Prior to actually voting for someone, all we have had to go on are the polls conducted by research groups and media organizations.  While these polls give some insight into the general state of mind of American voters, we have also seen that one debate performance can launch a candidate into a leading position for a time being.

This is especially true with the leaderless Republican party.  Through the summer and fall, Republican voters have acted like middle-school children trying to figure out who they wanted to date.  First it was Bush, then Fiorina, then Carson, and now Cruz (all while maintaining a huge crush on Donald Trump).  None of these “picks” lasted longer than a a few months as the spotlight tends to reveal the truth and subsequently forcing those candidates back down the charts.

So who will win in Iowa?

For the Republicans, the winner with be Senator Ted Cruz.  Looking at maps of previous caucuses in the state, it becomes obvious that Iowans love both Evangelical and Libertarian leaning candidates.  Rick Santorum and Ron Paul, being the best examples.  Cruz represents both to some extent and is also currently tied with Donald Trump in the national polls, lending to votes by name recognition.  Second place will go to Donald Trump and third place will go to Ben Carson, who remains very popular with the very religious.

For the Democrats the race is less a race and more a head-to-head competition.  Hillary Clinton leads Bernie Sanders going into today’s caucus (though the difference is close to margin of error).  Sanders, though, has a message that has been building quite dramatically over the past 6 months and strong support from millennial voters.  If (and here we are assuming they will) those millennial voters turn out, Sanders will narrowly win Iowa.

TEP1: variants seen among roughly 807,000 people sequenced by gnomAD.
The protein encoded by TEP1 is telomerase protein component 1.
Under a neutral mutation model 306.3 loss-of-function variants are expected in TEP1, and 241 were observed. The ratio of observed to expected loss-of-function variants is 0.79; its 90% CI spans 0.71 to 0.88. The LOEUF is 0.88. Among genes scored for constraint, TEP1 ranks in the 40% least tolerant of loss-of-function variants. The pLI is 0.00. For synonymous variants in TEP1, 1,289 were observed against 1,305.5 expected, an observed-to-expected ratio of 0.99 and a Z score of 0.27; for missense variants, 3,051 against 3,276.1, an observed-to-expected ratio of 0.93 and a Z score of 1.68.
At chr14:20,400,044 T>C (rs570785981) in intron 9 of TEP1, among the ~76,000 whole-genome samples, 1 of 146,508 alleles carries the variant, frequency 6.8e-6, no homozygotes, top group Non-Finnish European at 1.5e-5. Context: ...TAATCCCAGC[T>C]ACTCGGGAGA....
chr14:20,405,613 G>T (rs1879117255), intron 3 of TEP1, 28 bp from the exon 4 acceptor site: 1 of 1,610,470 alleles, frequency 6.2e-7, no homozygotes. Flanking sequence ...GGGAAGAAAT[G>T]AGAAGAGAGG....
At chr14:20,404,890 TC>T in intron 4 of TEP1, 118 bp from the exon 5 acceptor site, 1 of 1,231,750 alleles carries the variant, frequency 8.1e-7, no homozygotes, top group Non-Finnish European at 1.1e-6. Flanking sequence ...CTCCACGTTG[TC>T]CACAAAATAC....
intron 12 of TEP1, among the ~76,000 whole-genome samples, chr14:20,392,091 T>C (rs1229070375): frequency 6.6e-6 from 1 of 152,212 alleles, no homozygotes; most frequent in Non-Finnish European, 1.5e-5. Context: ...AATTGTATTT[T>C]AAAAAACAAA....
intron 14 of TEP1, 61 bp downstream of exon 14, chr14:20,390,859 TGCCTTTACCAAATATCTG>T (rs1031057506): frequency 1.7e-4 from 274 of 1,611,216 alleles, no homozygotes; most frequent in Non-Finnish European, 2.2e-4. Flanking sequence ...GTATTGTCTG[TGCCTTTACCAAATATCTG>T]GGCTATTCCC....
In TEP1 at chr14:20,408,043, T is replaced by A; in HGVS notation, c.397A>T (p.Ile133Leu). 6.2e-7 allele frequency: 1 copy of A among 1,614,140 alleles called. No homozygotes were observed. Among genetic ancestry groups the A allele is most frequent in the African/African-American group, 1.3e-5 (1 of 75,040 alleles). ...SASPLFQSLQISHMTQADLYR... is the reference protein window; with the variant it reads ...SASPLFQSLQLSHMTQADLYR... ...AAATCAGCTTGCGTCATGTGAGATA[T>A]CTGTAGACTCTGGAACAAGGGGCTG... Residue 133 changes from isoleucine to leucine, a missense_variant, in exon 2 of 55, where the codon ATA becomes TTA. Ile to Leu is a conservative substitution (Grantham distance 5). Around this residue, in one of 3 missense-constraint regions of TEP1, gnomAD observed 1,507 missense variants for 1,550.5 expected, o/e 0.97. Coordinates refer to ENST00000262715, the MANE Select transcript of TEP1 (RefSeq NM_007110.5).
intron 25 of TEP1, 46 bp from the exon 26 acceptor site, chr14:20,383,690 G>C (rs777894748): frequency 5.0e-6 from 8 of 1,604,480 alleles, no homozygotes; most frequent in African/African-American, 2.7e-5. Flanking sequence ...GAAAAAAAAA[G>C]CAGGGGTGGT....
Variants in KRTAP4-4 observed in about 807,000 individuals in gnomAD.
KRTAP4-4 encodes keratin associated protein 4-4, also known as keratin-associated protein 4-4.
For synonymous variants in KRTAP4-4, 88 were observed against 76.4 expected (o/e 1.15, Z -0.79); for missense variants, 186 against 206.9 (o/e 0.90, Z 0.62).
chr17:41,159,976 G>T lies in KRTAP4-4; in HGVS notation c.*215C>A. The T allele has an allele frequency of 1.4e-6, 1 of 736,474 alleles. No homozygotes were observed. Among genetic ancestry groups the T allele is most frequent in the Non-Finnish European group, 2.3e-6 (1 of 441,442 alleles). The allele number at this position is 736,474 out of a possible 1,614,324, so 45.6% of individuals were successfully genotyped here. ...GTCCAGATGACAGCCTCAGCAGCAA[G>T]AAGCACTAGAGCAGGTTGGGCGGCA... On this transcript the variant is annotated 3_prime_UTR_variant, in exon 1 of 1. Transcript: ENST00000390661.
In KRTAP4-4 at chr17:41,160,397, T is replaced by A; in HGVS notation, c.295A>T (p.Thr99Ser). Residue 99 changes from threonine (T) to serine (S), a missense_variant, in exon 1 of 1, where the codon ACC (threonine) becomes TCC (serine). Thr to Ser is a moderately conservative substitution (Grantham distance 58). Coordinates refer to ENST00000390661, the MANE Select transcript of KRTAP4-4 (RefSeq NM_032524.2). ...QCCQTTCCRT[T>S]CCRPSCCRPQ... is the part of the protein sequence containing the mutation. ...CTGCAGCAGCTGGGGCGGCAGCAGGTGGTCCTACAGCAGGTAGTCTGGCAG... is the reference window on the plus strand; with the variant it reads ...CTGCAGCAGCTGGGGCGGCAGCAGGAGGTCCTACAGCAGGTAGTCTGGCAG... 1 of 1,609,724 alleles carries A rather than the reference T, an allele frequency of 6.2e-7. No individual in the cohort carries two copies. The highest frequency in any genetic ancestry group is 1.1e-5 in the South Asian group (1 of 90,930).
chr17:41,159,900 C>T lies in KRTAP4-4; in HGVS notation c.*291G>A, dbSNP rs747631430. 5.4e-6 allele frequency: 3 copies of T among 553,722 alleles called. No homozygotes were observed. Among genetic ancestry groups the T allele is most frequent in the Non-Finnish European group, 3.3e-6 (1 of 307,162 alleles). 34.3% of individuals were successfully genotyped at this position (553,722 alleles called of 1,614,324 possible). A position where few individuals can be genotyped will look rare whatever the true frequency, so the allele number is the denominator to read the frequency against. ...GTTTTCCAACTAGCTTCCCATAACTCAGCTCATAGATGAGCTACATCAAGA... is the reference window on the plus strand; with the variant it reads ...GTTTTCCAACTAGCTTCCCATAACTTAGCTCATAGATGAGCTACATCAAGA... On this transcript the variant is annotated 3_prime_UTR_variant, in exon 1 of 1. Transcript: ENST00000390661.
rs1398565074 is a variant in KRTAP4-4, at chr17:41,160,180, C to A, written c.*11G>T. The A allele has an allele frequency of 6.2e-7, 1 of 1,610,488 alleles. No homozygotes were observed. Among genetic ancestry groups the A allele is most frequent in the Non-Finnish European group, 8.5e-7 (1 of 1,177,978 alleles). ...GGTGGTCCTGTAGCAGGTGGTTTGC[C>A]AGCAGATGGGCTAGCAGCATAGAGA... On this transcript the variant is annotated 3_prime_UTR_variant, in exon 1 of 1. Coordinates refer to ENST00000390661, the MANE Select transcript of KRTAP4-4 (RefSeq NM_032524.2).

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When Do the Emails Become an Issue?

With the latest reports out of Washington, DC indicating that the FBI is running a far more thorough and rigid investigation than is being publicly reported, when does the DNC start to panic?  The Clinton’s are powerful and have survived a litany of scandals over the years, but formal charges against HRC may be insurmountable.  There has to be a backup plan.

Is it Bernie Sanders?  Is it Michael Bloomberg?  Al Gore?  Nothing would serve to put Donald Trump into the White House faster than NOT having a very legitimate backup plan.  And right now it seems the coronation that the DNC had planned out back in May could very well be blowing up in the organization’s face.